A US auction house is preparing to bid off a piece of Apple Computer history that could fetch more than $500,000.
Bonhams will auction off a rare Apple I system handmade by Apple co-founder Steve Wozniak when the biz was in its infancy.
According to the auction house, the model was assembled by Woz in 1976 as part of an order for 50 systems by local store Byte Shop. Touted at the time as a complete PC, the Apple I would today be considered little more than a DIY kit; customers had to supply their own case, keyboard, power supply and monitor.
The Apple I features a 1MHz MOS 6502 processor, 4K of memory and a 280 x 192 monochrome display output. It sold for $666.66.
While Jobs and Wozniak only sold a handful of the computers, the success was enough to get the fledgling company to its second product: the wildly successful Apple II. When the company became an international brand on the strength of that microcomputer, and the Macintosh in the 1980s, Jobs and Woz rocketed to fame, and the Apple I became a collector's item.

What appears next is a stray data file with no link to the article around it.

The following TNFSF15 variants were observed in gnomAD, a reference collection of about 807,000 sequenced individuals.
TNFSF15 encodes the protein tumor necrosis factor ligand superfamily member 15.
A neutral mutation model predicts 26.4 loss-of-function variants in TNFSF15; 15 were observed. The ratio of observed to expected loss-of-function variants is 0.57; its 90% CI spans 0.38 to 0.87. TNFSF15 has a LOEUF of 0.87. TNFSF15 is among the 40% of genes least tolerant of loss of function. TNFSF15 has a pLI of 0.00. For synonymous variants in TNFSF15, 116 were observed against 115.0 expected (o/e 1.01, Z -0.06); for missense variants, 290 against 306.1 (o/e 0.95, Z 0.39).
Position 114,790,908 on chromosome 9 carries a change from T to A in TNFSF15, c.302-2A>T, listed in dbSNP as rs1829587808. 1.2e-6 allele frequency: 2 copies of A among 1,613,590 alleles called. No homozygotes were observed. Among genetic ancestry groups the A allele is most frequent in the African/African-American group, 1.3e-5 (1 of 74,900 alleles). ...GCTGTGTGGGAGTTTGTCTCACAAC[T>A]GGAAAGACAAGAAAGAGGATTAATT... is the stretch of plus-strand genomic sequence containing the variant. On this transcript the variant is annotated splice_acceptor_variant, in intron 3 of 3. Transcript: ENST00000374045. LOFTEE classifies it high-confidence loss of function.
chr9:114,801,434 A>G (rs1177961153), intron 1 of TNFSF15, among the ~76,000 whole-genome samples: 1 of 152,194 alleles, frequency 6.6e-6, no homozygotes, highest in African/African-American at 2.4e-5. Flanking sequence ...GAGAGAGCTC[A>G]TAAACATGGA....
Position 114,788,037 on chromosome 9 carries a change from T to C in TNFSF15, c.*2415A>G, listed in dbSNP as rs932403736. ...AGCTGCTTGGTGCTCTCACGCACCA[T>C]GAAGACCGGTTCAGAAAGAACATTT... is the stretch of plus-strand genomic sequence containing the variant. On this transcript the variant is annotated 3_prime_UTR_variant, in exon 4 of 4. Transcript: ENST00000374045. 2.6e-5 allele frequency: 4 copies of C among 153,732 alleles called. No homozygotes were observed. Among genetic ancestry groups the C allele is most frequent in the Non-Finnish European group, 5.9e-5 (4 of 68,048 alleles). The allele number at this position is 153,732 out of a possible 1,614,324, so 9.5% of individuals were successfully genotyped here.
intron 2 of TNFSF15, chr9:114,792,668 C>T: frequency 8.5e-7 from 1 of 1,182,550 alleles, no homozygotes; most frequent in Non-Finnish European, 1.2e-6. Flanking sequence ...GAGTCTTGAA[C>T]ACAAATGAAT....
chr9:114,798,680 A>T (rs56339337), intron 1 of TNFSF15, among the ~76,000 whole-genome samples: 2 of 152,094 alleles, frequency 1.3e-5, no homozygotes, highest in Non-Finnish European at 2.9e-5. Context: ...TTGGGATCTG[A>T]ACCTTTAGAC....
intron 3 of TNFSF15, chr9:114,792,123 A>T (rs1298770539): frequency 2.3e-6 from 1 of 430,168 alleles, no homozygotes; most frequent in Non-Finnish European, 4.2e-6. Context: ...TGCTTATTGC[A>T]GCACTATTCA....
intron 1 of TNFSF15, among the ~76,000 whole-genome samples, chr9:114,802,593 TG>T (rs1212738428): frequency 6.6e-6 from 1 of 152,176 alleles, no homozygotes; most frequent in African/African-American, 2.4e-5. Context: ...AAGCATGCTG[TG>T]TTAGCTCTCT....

The unit being sold was acquired by John Anderson of Cincinnati in 1980 and has been kept in pristine condition in a glass box for the past 25 years. The system was powered up last month, and has been verified to be in working condition without the need for replacement parts.
Bonhams estimates that the model, one of the few Apple I's which is still in working condition, will sell for anywhere from $300,000 to $500,000. In 2013, an Apple I sold for $387,750 in an online auction by Christie's.
Bonham's said it will be displaying the Apple I to the public in San Francisco from September 19-21 before transporting the board to New York for its 22 October auction. ®